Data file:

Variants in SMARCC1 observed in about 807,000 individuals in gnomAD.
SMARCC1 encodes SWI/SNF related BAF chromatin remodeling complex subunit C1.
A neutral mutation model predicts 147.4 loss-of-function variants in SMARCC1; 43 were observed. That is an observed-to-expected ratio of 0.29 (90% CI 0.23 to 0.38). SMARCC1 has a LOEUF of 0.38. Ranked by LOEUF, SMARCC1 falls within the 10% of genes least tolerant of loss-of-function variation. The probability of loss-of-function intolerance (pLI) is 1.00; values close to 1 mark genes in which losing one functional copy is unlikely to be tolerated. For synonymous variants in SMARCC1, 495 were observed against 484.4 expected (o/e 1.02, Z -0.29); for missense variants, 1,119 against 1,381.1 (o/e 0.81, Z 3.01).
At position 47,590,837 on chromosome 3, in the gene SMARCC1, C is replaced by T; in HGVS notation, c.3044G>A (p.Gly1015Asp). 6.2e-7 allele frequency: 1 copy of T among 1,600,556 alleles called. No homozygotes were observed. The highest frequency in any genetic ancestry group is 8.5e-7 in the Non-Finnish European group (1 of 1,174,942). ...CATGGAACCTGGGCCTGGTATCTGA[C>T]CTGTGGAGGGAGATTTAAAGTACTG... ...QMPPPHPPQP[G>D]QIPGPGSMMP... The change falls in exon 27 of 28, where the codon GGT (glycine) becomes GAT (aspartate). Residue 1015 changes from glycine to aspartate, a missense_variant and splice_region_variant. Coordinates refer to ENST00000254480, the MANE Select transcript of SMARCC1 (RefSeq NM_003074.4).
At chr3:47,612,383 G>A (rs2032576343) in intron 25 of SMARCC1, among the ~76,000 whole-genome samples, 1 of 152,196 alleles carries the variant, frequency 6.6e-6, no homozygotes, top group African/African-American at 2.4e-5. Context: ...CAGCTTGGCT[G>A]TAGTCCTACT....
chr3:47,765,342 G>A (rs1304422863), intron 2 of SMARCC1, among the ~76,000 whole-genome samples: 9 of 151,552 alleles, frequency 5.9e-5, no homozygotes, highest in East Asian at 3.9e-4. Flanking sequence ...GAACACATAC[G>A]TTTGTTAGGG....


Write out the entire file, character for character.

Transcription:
Variants in SMARCC1 observed in about 807,000 individuals in gnomAD.
SMARCC1 encodes SWI/SNF related BAF chromatin remodeling complex subunit C1.
A neutral mutation model predicts 147.4 loss-of-function variants in SMARCC1; 43 were observed. That is an observed-to-expected ratio of 0.29 (90% CI 0.23 to 0.38). SMARCC1 has a LOEUF of 0.38. Ranked by LOEUF, SMARCC1 falls within the 10% of genes least tolerant of loss-of-function variation. The probability of loss-of-function intolerance (pLI) is 1.00; values close to 1 mark genes in which losing one functional copy is unlikely to be tolerated. For synonymous variants in SMARCC1, 495 were observed against 484.4 expected (o/e 1.02, Z -0.29); for missense variants, 1,119 against 1,381.1 (o/e 0.81, Z 3.01).
At position 47,590,837 on chromosome 3, in the gene SMARCC1, C is replaced by T; in HGVS notation, c.3044G>A (p.Gly1015Asp). 6.2e-7 allele frequency: 1 copy of T among 1,600,556 alleles called. No homozygotes were observed. The highest frequency in any genetic ancestry group is 8.5e-7 in the Non-Finnish European group (1 of 1,174,942). ...CATGGAACCTGGGCCTGGTATCTGA[C>T]CTGTGGAGGGAGATTTAAAGTACTG... ...QMPPPHPPQP[G>D]QIPGPGSMMP... The change falls in exon 27 of 28, where the codon GGT (glycine) becomes GAT (aspartate). Residue 1015 changes from glycine to aspartate, a missense_variant and splice_region_variant. Coordinates refer to ENST00000254480, the MANE Select transcript of SMARCC1 (RefSeq NM_003074.4).
At chr3:47,612,383 G>A (rs2032576343) in intron 25 of SMARCC1, among the ~76,000 whole-genome samples, 1 of 152,196 alleles carries the variant, frequency 6.6e-6, no homozygotes, top group African/African-American at 2.4e-5. Context: ...CAGCTTGGCT[G>A]TAGTCCTACT....
chr3:47,765,342 G>A (rs1304422863), intron 2 of SMARCC1, among the ~76,000 whole-genome samples: 9 of 151,552 alleles, frequency 5.9e-5, no homozygotes, highest in East Asian at 3.9e-4. Flanking sequence ...GAACACATAC[G>A]TTTGTTAGGG....